It should be readily noted that everyone who affects an accent during the performance, and that’s essentially everyone except The Misfit (Rjyan Kidwell), does so exceptionally well and with great consistency. The most notable example of this is Allison Clendaniel in the role of the Reverend Bevel Summers, down at the river of Jesus’ blood with her healing and suffering speech. When she says the word “water” it gets a hard “wh-” sound at the beginning of its verbal life and you get that backwoods chill shivering its way up your spine. Clendaniel doubles up opposite Tim Paggi throughout the production and in the big river scene, Paggi plays a creepy character known as Mr. Paradise, whose grotesque goiter growth on his neck just about steals the scene.
Madison Coan also inserts herself into the production, taking up the mostly silent role of Mother. She is constantly rocking this heinously vile looking creature, meant to be a baby, and although we never hear the infant cry or scream, it is very apparently implied that this is one fussy baby if her physical gestures are any indication. Coan becomes one of the more interesting character to watch, deeply invested in the physical mime work of attending to this baby, bouncing it, shushing it, trying to keep it calm, and her facial expressions reflect the same. Coan also takes charge of what few words she has; when she shouts her simple orders, her wayward children fall immediately in line.
Bailey (Connor Kizer) don’t do much talking neither. How could he with the Grandmother (Molly Margulies) constantly flapping her gums about like a windsock in a full force gale? But what Kizer’s character lacks in text he more than makes up for in facial expressions. Watching his eyes shift from road hypnosis to “please don’t make me murder my family on this road trip” is absolutely hysterical, especially as the progression starts gradual but grows rapidly as everyone in the car brings their roaring chaotic din to a head. There is one moment wherein Kizer gets to fully blast out his vocality and it is indeed quite frightening.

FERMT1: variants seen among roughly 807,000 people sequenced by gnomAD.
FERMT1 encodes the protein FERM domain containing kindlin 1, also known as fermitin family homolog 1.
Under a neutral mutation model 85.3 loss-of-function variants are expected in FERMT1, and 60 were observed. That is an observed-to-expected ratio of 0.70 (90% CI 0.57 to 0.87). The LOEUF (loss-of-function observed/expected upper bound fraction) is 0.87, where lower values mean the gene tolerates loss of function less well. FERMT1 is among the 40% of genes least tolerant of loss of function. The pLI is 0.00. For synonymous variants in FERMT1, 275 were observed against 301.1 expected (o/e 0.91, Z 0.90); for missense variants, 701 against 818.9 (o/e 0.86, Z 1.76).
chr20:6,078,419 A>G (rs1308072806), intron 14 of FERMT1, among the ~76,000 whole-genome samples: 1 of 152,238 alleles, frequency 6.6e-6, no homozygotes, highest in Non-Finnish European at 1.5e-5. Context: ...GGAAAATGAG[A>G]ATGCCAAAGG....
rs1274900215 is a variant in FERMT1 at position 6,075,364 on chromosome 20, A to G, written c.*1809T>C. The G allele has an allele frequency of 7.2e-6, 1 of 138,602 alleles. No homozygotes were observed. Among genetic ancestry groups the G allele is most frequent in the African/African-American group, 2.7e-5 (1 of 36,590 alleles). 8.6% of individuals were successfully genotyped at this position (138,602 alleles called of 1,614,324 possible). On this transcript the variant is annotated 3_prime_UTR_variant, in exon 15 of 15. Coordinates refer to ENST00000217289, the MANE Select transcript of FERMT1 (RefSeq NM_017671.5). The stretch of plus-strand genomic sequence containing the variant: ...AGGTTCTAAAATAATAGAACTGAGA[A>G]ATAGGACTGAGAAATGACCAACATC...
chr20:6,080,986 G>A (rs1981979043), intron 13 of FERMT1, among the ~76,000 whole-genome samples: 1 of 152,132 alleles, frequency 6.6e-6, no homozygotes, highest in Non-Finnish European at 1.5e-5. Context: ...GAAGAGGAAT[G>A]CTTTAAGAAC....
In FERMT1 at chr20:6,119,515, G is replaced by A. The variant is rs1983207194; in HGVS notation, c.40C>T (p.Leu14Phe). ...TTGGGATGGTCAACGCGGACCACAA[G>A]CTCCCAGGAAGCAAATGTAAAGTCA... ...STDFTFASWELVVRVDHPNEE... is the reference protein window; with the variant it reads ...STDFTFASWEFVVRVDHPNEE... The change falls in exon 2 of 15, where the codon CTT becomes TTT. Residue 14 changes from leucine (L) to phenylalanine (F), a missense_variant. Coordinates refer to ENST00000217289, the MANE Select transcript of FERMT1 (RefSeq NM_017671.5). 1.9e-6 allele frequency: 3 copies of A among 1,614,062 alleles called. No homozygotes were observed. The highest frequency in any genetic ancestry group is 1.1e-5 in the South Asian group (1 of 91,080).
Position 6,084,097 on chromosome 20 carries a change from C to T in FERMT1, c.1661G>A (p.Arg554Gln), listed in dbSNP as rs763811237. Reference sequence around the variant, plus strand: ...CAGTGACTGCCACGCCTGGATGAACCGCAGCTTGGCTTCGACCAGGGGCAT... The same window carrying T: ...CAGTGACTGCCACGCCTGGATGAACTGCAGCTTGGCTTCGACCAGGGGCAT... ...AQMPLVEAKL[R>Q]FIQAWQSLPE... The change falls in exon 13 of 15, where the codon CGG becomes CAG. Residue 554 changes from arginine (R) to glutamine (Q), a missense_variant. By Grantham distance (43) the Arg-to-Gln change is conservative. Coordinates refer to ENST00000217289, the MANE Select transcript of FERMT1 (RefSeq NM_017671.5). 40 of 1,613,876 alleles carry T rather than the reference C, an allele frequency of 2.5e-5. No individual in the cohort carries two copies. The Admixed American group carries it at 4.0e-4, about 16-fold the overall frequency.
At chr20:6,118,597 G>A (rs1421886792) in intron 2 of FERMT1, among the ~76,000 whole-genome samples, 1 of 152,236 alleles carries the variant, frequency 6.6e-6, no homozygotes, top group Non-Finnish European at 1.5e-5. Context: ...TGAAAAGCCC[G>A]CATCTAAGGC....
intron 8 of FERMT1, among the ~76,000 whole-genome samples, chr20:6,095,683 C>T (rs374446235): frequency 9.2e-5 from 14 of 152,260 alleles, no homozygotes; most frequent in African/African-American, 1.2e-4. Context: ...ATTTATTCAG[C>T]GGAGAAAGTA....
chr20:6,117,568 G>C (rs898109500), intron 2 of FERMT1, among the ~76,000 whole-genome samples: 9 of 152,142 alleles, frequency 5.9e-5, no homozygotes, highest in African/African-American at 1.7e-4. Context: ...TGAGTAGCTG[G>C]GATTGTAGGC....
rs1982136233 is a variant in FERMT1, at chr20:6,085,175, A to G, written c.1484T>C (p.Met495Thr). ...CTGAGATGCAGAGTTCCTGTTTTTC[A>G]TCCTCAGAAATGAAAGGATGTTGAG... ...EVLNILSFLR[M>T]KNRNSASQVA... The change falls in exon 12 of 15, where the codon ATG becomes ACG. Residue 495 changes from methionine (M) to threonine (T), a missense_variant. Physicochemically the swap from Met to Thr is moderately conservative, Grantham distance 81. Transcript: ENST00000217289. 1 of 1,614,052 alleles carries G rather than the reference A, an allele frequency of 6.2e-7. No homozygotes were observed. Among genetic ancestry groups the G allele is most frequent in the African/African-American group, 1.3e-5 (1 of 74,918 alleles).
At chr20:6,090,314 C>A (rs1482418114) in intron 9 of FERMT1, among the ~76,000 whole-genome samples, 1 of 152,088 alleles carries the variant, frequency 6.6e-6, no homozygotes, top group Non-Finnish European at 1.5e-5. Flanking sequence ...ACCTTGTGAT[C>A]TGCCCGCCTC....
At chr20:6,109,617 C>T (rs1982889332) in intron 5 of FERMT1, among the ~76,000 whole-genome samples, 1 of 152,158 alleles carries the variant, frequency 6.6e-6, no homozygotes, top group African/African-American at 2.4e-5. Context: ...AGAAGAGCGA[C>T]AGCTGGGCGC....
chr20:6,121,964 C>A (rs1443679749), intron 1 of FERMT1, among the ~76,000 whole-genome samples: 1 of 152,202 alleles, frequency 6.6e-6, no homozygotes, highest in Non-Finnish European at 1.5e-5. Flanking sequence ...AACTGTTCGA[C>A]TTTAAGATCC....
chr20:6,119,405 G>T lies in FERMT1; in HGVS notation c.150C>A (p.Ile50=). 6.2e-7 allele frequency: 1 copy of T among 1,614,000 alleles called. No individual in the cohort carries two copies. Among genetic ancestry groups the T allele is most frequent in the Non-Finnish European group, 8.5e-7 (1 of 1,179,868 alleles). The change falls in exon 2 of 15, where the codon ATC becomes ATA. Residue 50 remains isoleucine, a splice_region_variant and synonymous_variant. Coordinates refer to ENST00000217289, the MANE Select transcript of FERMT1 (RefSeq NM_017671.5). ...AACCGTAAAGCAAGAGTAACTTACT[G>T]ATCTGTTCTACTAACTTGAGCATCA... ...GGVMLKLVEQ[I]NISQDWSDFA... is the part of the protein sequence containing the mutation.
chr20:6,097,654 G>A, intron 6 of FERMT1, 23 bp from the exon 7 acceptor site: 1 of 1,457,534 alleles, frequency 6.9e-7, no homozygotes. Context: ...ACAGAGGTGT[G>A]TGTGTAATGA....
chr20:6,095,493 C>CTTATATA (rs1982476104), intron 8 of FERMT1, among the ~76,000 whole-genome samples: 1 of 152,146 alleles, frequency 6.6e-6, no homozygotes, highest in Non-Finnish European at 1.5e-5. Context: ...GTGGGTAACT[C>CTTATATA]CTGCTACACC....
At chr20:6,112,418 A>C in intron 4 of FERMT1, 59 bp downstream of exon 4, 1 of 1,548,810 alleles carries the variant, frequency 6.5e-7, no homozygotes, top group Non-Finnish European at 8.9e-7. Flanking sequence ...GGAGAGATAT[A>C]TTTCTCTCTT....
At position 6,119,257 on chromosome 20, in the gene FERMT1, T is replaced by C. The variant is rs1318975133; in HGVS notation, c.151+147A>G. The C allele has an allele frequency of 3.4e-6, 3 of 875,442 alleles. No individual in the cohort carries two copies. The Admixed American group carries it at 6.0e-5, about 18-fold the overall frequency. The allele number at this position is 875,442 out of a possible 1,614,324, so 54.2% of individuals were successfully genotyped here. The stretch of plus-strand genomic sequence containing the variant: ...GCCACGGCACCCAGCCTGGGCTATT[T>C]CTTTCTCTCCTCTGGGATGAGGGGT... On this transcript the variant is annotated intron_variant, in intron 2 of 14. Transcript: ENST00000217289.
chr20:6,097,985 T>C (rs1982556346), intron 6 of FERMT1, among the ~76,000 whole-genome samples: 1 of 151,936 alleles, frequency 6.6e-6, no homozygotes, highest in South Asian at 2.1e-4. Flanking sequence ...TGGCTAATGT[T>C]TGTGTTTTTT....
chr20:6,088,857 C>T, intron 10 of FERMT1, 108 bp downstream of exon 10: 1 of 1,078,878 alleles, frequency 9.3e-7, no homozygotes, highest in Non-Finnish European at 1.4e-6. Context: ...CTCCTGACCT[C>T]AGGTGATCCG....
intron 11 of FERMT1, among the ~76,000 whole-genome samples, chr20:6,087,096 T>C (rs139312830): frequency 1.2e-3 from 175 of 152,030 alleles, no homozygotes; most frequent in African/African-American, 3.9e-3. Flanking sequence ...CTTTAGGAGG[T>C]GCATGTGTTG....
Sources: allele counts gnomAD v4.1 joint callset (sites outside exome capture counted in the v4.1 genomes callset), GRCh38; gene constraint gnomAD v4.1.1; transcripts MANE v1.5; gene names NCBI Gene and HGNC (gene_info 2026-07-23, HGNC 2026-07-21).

Margulies, as the ceaselessly chatty and nosy as the day is long busybody Grandmother, is an absolute hoot. There is something about the way Margulies carries the character that defies description while simultaneously making you love and hate her. It’s conflicting. Margulies makes the character so irritating that you’re praying something awful happens to her; maybe Bailey will pull the car over and leave her on the side of the road! Using her vivid facial expressions, enhanced by the severely exaggerated age lines, Margulies is living lively in every moment, even the ridiculous ones, when it comes to this character.
Again, fair warning, this is a rather disturbing piece, and deceptively so, but well worth investing the $10 and the 50 minutes to see what this brand new theatre company is bringing to Charm City.
Running Time: Approximately 50 minute with no intermission
A Good Man is Hard to Find plays through August 20, 2017 with Feral Woman at The Mercury Theatre— 1823 N. Charles Street in the Station North Arts District of Baltimore, MD. Tickets can be purchased at the door or in advance online.